Like any prospective parents, the Duke and Duchess of Cambridge will doubtless hope to pass on their best traits to their unborn child.
But, while he or she may inherit William’s rugged features, or Kate’s high forehead and heart-shaped face, the royal baby could spring a hair-raising surprise – a head of pure ginger.
In fact, geneticists believe there is a 50:50 chance of the third in line to the throne being born with the same flame-haired good looks as its uncle, Prince Harry.
50/50 chance: Geneticists believe there is a good chance that the Duke and Duchess of Cambridge's newborn child will have ginger hair
The scientists tested more than 5,000 people in Britain for their ancestral DNA and discovered that an extraordinarily high number – 38.3 per cent – are carriers of the red-haired gene, though most do not know it.
‘For the child to have red hair, both parents need to be carriers,’ said Alistair Moffat, director of BritainsDNA which carried out the research.
Just like his uncle? The Duke and Duchess' child has a 50/50 chance of having red hair like Prince Harry
‘Princess Diana and Prince Charles must both have been since Prince William’s brother, Harry, has gloriously red hair.
‘The way the genetic dice fall, that means Prince William has a 67 per cent chance of being a carrier of the gene variant. The question remains, is Kate a carrier?
‘As a result of our study, we can say she has a 38.3 per cent chance of being one. If those percentages are averaged, it is 52 per cent likely that Kate and Wills will have a red-haired child.’
One bookmaker, William Hill, is quoting odds of 8/1 on the baby having red hair, but Mr Moffat said: ‘I think it is more like even money, and if those are still the odds I’ll be having a bet!’
Although only around 5 per cent of the UK population – 3,132,000 people – have red hair, BritainsDNA says its research suggests there are 24million carriers of the redhead gene in the country.
By contrast, only about 1-2 per cent of the world’s population has red hair.
Mr Moffat, whose company is based in Melrose, Roxburghshire, believes the UK’s gloomy northern climate has seen a deliberate genetic adaptation, including fairer skin, to help exploit rare sunny days and boost vitamin D production.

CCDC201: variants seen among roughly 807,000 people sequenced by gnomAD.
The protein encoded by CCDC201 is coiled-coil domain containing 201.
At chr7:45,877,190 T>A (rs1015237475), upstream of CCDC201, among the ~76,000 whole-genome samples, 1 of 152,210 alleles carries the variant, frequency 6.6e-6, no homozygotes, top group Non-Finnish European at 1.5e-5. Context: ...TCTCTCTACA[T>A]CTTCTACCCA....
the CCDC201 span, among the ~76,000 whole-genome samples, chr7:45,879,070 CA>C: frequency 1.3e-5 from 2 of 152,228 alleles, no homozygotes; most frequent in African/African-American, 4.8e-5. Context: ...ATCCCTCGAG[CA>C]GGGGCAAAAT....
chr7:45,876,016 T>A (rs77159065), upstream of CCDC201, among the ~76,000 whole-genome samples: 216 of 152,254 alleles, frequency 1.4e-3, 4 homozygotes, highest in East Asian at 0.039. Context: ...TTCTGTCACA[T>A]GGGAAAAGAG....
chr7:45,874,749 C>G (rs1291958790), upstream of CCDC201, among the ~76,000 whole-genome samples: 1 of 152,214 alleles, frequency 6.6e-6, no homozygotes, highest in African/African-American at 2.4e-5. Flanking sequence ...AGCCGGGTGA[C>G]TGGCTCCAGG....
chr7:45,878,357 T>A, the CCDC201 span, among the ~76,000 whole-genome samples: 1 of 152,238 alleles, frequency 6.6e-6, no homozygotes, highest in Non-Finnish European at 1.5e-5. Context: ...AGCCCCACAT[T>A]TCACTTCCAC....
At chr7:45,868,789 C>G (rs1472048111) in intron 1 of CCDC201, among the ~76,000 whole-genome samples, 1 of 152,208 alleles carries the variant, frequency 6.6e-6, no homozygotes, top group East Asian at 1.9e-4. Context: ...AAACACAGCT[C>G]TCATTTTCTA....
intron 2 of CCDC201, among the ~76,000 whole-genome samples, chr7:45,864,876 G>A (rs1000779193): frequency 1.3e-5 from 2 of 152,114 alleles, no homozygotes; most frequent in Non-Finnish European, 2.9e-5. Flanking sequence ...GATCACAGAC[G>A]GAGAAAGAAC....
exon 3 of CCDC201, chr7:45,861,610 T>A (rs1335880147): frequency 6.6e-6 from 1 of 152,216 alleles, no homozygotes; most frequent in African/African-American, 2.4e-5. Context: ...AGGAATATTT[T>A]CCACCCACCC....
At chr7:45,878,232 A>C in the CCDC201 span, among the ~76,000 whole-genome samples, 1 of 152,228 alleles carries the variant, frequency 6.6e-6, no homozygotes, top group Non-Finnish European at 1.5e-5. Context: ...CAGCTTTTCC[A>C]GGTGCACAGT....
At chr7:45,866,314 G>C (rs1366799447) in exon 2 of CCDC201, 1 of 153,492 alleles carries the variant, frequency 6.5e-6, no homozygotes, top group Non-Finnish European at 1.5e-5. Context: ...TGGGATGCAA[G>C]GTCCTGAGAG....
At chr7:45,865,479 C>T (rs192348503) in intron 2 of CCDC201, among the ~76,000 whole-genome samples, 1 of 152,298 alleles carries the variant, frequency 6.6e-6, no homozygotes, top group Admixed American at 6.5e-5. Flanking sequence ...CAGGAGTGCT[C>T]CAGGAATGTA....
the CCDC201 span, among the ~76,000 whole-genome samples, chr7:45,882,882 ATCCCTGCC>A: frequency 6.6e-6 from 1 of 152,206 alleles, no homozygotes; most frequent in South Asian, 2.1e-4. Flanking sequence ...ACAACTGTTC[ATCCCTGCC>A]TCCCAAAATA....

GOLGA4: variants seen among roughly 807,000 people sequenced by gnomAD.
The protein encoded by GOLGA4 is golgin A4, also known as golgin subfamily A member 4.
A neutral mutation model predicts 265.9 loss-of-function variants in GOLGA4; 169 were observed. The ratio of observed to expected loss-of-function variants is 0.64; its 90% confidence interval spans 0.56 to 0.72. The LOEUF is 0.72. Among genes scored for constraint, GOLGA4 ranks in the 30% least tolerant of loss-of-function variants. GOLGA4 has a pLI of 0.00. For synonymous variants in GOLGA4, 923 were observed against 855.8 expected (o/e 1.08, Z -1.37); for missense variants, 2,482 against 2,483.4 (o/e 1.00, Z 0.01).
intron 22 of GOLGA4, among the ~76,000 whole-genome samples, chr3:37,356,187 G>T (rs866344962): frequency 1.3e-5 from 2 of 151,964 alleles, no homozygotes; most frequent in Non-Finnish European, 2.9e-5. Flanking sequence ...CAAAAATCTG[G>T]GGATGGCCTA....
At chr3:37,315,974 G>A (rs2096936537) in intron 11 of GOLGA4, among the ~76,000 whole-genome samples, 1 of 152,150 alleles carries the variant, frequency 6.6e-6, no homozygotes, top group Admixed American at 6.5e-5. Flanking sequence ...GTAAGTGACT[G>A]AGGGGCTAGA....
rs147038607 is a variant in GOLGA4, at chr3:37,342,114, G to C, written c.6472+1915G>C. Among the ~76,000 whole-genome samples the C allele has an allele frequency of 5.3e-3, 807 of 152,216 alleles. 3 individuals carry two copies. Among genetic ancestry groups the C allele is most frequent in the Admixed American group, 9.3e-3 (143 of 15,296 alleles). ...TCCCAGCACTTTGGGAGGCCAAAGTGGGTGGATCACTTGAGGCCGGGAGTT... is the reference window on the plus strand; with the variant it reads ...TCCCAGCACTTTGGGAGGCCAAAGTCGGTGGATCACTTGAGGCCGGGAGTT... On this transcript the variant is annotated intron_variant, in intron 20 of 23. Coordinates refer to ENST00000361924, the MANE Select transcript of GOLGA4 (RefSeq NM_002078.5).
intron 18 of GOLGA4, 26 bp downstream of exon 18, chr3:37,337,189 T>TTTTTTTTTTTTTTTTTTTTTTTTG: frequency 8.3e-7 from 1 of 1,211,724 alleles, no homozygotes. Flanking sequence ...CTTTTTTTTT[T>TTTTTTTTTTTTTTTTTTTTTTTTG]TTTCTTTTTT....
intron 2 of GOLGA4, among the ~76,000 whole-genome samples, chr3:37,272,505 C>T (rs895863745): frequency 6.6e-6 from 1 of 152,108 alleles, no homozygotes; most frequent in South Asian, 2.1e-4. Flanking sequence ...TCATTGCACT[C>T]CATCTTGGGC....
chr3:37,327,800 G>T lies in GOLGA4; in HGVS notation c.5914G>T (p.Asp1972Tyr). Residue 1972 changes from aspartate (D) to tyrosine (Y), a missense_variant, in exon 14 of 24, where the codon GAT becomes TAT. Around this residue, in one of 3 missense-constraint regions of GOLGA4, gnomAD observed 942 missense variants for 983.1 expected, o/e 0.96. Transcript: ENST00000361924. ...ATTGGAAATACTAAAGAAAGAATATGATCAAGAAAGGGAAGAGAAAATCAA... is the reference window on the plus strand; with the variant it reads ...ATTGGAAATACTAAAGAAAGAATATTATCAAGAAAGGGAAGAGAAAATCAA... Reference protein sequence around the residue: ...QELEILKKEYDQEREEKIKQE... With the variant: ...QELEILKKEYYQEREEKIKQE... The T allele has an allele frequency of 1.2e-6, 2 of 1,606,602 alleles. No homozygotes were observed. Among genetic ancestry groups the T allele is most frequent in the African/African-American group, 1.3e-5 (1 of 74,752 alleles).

He said: ‘We have an Atlantic climate and we need light skin to get as much vitamin D from the sun as possible.’
Mr Moffat said if you do not have red hair the only way to tell whether you have the gene is by a DNA test, or if you have red-headed forebears or children.
Carriers: Prince Charles and Princess Diana must have both carried the ginger gene for Harry to have red hair. Diana is pictured holding Prince William
Royal redheads: Elizabeth I and her father Henry VIII are two monarch from history who had red hair
He added: ‘For example, neither my wife Lindsay nor I have red hair, but two of our children turned out to have red hair. And since both parents have to be carriers, we must have been, even though there is no sign of red hair in either family.’
He points to a long tradition of red hair in the monarchy. ‘Three of the greatest monarchs had it – Queen Elizabeth I, Henry II and the Richard the Lionheart were all red-heads,’ he said.
There was also a famous ancestor in the family of Princess Diana, William’s mother, John Poyntz Spencer, the fifth earl, known as the ‘Red Earl’ because of his long red beard.
- Anyone wishing to find out more about their ancestry or to sign up for a test should visit the BritainsDNA website at www.britainsdna.com.
Read more: http://www.dailymail.co.uk/news/article-2250911/Is-Kate-Middleton-expecting-ginger-heir-Even-chance-royal-couples-child-redhead.html#ixzz2FcGxom00
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